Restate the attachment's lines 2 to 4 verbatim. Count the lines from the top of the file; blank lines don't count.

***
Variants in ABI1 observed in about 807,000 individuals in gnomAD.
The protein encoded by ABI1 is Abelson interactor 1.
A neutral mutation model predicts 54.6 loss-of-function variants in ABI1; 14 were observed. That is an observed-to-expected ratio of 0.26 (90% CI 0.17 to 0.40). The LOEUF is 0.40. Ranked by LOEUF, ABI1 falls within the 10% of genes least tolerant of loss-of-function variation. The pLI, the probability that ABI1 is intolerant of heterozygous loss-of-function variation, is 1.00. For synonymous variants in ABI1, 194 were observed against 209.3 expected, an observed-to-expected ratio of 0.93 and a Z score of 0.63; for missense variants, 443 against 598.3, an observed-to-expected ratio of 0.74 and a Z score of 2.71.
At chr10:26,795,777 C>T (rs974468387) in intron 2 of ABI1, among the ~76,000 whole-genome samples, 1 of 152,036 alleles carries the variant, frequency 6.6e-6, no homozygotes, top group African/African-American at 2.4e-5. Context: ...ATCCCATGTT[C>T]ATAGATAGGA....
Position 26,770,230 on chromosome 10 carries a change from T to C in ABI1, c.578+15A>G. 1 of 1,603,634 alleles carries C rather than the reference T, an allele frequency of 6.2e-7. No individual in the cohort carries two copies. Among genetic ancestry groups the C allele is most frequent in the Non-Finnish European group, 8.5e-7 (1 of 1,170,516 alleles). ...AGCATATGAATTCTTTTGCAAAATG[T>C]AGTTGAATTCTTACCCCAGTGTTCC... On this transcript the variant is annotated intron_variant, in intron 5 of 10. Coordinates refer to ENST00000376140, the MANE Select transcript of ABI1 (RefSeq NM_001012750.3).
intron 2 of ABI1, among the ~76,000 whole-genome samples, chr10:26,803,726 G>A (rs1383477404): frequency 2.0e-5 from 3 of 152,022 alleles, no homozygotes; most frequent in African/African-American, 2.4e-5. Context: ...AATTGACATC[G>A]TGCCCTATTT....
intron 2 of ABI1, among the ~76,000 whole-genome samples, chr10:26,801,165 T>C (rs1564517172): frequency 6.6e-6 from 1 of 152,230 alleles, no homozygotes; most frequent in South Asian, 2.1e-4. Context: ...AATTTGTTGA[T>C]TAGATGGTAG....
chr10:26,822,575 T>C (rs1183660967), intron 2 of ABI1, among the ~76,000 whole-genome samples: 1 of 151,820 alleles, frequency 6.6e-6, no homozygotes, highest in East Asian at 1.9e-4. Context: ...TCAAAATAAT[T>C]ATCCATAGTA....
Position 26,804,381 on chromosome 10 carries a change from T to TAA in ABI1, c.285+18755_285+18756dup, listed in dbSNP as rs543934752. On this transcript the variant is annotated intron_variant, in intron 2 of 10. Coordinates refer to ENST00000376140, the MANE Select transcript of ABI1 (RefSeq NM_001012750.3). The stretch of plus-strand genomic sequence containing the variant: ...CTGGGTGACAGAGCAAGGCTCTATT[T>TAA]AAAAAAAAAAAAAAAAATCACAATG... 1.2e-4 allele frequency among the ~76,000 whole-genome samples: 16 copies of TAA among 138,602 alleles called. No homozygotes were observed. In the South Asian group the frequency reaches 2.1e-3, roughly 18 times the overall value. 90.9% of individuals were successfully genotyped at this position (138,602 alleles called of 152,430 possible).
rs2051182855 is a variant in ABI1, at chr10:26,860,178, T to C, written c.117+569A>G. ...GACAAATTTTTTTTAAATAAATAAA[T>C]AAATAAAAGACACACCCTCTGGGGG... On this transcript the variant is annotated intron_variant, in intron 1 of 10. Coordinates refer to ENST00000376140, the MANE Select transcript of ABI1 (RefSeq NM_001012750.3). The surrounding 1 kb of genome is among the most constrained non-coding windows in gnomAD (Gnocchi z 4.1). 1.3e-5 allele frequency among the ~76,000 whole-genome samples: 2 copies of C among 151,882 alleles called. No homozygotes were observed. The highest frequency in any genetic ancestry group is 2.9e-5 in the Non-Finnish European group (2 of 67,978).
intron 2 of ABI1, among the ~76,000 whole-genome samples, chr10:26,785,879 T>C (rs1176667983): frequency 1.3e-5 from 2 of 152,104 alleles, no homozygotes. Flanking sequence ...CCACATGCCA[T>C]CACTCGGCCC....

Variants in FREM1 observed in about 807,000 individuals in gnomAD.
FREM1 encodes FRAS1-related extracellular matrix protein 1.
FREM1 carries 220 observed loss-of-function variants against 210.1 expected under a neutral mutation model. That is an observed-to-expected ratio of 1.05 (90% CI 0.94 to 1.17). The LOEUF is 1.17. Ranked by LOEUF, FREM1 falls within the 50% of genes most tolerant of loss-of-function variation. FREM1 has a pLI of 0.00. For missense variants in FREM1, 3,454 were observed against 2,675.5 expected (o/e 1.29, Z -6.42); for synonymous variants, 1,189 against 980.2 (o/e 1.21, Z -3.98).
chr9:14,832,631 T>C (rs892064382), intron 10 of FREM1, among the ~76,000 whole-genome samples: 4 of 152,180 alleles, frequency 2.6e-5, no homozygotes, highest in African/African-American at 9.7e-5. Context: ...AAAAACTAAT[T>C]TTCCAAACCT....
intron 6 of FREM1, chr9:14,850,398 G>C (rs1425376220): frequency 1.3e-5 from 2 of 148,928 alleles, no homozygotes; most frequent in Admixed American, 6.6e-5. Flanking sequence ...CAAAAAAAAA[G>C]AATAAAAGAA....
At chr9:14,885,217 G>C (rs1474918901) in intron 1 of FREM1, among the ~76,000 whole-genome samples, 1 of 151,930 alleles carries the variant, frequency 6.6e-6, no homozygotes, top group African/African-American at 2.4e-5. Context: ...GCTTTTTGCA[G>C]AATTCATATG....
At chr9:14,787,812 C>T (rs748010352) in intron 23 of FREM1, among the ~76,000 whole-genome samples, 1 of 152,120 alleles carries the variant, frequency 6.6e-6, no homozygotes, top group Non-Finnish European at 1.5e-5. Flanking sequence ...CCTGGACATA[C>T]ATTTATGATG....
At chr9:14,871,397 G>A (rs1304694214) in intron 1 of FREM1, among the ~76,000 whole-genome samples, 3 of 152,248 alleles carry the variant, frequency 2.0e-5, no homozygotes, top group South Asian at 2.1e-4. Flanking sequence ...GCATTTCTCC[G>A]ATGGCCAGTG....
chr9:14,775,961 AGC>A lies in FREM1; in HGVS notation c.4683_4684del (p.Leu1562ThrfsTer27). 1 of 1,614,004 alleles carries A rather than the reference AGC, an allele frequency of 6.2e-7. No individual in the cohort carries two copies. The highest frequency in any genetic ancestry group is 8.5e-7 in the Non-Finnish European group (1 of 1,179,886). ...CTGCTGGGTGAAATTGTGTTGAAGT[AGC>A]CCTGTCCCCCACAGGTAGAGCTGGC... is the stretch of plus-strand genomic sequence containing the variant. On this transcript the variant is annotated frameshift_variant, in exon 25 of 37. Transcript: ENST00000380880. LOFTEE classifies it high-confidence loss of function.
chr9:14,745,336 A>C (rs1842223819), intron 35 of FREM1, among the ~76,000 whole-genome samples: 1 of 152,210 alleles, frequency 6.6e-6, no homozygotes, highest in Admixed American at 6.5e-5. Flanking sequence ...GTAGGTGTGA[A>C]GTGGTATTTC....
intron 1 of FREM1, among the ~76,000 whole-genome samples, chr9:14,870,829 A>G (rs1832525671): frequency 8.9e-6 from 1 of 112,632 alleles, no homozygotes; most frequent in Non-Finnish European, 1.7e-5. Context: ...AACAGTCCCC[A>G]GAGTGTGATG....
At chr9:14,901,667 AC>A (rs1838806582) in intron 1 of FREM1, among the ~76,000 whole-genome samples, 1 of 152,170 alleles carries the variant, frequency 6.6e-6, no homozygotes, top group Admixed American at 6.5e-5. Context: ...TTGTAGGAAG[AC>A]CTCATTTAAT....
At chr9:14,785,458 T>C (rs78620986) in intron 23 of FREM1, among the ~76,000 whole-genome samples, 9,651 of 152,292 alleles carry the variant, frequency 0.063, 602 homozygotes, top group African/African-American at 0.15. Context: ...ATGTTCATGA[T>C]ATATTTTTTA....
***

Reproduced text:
The protein encoded by ABI1 is Abelson interactor 1.
A neutral mutation model predicts 54.6 loss-of-function variants in ABI1; 14 were observed. That is an observed-to-expected ratio of 0.26 (90% CI 0.17 to 0.40). The LOEUF is 0.40. Ranked by LOEUF, ABI1 falls within the 10% of genes least tolerant of loss-of-function variation. The pLI, the probability that ABI1 is intolerant of heterozygous loss-of-function variation, is 1.00. For synonymous variants in ABI1, 194 were observed against 209.3 expected, an observed-to-expected ratio of 0.93 and a Z score of 0.63; for missense variants, 443 against 598.3, an observed-to-expected ratio of 0.74 and a Z score of 2.71.
At chr10:26,795,777 C>T (rs974468387) in intron 2 of ABI1, among the ~76,000 whole-genome samples, 1 of 152,036 alleles carries the variant, frequency 6.6e-6, no homozygotes, top group African/African-American at 2.4e-5. Context: ...ATCCCATGTT[C>T]ATAGATAGGA....